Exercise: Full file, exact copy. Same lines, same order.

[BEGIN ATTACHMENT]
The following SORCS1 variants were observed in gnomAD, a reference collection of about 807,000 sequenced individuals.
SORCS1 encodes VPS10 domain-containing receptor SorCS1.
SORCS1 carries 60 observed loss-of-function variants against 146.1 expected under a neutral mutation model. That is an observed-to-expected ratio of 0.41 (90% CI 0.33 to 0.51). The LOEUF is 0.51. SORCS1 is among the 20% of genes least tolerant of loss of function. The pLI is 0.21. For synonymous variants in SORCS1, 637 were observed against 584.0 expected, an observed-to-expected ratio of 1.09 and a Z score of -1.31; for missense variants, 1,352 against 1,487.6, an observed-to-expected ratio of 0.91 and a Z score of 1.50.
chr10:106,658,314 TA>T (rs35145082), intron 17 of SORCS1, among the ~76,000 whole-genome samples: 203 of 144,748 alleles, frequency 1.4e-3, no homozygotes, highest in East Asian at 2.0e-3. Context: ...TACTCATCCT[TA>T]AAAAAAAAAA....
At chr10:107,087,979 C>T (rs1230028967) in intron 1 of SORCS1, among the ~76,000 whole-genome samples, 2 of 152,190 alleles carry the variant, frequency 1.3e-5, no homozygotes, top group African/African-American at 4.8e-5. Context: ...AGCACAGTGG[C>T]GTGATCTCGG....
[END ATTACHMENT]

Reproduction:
The following SORCS1 variants were observed in gnomAD, a reference collection of about 807,000 sequenced individuals.
SORCS1 encodes VPS10 domain-containing receptor SorCS1.
SORCS1 carries 60 observed loss-of-function variants against 146.1 expected under a neutral mutation model. That is an observed-to-expected ratio of 0.41 (90% CI 0.33 to 0.51). The LOEUF is 0.51. SORCS1 is among the 20% of genes least tolerant of loss of function. The pLI is 0.21. For synonymous variants in SORCS1, 637 were observed against 584.0 expected, an observed-to-expected ratio of 1.09 and a Z score of -1.31; for missense variants, 1,352 against 1,487.6, an observed-to-expected ratio of 0.91 and a Z score of 1.50.
chr10:106,658,314 TA>T (rs35145082), intron 17 of SORCS1, among the ~76,000 whole-genome samples: 203 of 144,748 alleles, frequency 1.4e-3, no homozygotes, highest in East Asian at 2.0e-3. Context: ...TACTCATCCT[TA>T]AAAAAAAAAA....
At chr10:107,087,979 C>T (rs1230028967) in intron 1 of SORCS1, among the ~76,000 whole-genome samples, 2 of 152,190 alleles carry the variant, frequency 1.3e-5, no homozygotes, top group African/African-American at 4.8e-5. Context: ...AGCACAGTGG[C>T]GTGATCTCGG....